The U.S. Air Force’s Cyber division used spear-phishing tactics to test whether airmen can proficiently recognize and avoid email-based attacks.
Nation-state warfare is no longer waged with bullets and bombs; instead it’s accomplished today with the click of a mouse, and is a concern to every division of a nation’s government and military. With 70 percent of breaches associated with state-affiliated actors involve phishing, according to the Verizon 2018 Data Breach Investigations Report, it makes sense that the armed forces of every nation should be on alert.
So, it’s pleasing to hear of the Air Force testing their own to see if security awareness is an integral part of the daily mindset. In November of last year, the U.S. Air Force’s Cyber division coordinated an “attack” on bases in Europe to test the likelihood of adversary state-actors being able to successfully gain a foothold within Air Force networks.
For the test, the threat emulation team sent several emails mirroring tactics utilized by real attackers. Emails were sent from non-Department of Defense email addresses to network users, containing legitimate-looking content, adversaries. The emails provided a variety of scenarios, urging Airmen to follow certain steps. For example, one email appeared to come from an Airman & Family Readiness Center, asking users to update a hyperlinked spreadsheet for an upcoming sale. Another email claimed to be from a legal office, and requested users to provide data in a hyperlinked document for a court-martial jury panel.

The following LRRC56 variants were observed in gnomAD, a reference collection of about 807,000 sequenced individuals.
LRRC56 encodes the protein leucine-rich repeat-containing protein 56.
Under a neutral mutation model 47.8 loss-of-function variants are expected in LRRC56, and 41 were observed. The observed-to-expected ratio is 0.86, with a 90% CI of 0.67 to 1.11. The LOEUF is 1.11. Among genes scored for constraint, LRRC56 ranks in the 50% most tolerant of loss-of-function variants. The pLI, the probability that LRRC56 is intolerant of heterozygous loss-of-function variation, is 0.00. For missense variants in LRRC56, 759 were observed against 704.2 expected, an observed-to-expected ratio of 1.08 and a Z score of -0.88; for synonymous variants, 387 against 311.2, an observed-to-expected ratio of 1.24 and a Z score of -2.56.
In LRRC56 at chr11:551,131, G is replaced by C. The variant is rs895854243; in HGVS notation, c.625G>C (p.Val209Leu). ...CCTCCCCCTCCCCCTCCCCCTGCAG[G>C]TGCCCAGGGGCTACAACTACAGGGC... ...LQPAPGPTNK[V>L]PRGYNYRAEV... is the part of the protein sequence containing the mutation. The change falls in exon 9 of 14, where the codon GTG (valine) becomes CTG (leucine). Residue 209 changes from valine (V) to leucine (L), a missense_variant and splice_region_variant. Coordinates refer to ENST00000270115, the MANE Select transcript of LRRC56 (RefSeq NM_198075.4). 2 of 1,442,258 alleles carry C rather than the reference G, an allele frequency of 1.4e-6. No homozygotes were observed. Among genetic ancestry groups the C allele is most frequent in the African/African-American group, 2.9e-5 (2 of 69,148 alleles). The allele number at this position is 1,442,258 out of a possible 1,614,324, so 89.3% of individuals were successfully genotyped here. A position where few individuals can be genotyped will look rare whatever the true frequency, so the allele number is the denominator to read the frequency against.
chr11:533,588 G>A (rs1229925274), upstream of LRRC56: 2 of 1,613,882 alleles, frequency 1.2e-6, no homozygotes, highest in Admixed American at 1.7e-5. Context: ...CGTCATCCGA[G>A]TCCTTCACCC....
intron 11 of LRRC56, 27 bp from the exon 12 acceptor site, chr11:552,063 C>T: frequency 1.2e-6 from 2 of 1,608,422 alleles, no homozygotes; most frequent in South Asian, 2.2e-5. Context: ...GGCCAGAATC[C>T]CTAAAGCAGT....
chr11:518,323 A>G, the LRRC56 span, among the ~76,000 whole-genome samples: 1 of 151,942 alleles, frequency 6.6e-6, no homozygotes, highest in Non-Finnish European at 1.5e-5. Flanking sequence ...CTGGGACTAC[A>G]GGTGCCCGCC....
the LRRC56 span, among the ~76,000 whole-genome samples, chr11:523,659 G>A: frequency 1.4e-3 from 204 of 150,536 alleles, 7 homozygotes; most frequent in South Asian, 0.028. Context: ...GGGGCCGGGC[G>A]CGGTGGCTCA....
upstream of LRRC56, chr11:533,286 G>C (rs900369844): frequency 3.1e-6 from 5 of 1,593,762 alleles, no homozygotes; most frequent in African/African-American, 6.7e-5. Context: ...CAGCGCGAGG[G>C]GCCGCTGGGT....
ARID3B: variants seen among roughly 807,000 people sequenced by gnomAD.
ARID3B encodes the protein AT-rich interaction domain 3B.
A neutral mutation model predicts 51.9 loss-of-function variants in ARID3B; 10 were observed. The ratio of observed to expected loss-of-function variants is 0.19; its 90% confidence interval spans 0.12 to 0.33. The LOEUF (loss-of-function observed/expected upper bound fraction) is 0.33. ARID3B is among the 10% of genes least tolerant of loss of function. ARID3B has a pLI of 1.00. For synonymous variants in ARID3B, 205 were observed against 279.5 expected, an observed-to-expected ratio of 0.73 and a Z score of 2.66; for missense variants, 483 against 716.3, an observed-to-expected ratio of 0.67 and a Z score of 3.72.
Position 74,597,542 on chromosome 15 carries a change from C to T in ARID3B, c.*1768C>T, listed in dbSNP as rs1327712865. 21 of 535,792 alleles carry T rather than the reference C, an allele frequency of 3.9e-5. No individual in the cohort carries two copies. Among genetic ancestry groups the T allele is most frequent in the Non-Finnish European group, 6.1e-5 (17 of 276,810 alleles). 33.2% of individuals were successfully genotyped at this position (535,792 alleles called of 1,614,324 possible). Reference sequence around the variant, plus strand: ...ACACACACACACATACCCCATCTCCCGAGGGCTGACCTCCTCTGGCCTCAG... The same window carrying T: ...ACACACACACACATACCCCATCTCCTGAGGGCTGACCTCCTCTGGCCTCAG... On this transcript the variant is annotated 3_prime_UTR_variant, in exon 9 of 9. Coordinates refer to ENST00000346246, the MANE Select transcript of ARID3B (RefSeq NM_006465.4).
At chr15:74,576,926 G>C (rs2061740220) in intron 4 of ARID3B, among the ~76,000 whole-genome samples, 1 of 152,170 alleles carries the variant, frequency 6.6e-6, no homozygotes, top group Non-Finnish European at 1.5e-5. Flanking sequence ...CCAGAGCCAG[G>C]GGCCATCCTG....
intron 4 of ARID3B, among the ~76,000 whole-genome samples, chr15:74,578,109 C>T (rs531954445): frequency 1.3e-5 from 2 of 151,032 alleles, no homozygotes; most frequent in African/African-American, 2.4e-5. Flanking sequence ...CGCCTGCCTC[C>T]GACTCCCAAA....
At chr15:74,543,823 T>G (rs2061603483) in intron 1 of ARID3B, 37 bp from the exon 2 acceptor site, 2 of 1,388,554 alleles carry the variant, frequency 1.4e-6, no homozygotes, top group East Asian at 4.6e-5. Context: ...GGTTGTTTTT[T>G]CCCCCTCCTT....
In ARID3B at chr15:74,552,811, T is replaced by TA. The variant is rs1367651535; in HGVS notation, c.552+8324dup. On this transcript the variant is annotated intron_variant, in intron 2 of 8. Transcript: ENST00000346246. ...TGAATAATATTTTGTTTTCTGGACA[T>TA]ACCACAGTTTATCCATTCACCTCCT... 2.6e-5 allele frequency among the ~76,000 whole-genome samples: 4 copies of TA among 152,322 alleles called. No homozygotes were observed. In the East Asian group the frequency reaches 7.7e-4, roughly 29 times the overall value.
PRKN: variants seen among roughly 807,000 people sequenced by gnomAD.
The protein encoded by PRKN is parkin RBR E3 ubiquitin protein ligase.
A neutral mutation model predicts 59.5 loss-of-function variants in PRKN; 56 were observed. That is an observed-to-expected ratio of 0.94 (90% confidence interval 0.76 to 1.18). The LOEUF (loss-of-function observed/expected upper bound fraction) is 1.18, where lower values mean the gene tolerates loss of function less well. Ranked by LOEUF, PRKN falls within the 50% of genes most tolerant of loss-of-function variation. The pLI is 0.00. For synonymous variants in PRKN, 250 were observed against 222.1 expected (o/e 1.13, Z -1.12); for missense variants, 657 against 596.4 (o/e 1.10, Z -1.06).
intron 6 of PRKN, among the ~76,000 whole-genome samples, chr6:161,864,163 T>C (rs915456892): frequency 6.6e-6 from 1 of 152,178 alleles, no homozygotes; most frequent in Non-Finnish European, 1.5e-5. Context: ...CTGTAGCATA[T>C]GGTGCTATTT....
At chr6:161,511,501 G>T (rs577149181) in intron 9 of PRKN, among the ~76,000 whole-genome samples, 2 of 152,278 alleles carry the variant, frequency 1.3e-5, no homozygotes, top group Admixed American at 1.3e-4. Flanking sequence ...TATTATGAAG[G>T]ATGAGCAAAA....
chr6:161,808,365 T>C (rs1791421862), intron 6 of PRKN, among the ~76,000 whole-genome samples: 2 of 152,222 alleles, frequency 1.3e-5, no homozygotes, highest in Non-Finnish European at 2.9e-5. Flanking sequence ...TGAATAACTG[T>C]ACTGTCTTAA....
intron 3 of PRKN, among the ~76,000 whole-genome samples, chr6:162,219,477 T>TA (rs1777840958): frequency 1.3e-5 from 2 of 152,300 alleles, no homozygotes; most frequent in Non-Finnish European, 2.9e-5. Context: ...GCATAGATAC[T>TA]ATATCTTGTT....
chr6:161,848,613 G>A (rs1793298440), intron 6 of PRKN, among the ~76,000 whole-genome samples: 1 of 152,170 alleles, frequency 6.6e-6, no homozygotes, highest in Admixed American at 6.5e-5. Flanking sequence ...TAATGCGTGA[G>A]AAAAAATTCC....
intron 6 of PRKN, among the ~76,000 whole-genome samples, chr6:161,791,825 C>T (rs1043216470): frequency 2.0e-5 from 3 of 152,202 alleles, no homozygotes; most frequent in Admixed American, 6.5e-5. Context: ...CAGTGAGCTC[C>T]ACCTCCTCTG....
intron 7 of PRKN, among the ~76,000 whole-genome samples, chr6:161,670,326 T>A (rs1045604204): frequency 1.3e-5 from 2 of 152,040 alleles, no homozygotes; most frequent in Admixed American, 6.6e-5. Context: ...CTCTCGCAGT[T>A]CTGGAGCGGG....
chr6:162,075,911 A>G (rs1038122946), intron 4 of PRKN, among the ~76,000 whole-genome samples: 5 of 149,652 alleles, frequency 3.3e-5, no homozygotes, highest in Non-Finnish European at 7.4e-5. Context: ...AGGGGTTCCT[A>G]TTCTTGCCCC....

The really cool part about this test was that the Air Force performed a comprehensive simulation of an email-based threat. They didn’t just send out emails and see who clicked links; the emails contained links to documents that contained embedded “malicious” code that would enable their security team to access the user’s computer.
Results from the test demonstrated the most recipients did not fall for the emails, providing great feedback for where to improve cyber readiness and security awareness.
This test comes at a good time, considering the recent release of the Defense Department Inspector General audit that showed the Army, Navy and Missile Defense Agency are failing to take the most basic cybersecurity steps to secure America’s ballistic missile defense system.
Military divisions, as well as both public and private sector organizations should follow the Air Force’s lead – performing phishing testing, married with Security Awareness Training helps to enhance the security-mindedness of its employees, lowering the risk of falling for phishing scams, social engineering tactics, and being the cause of data breaches, fraud, or espionage.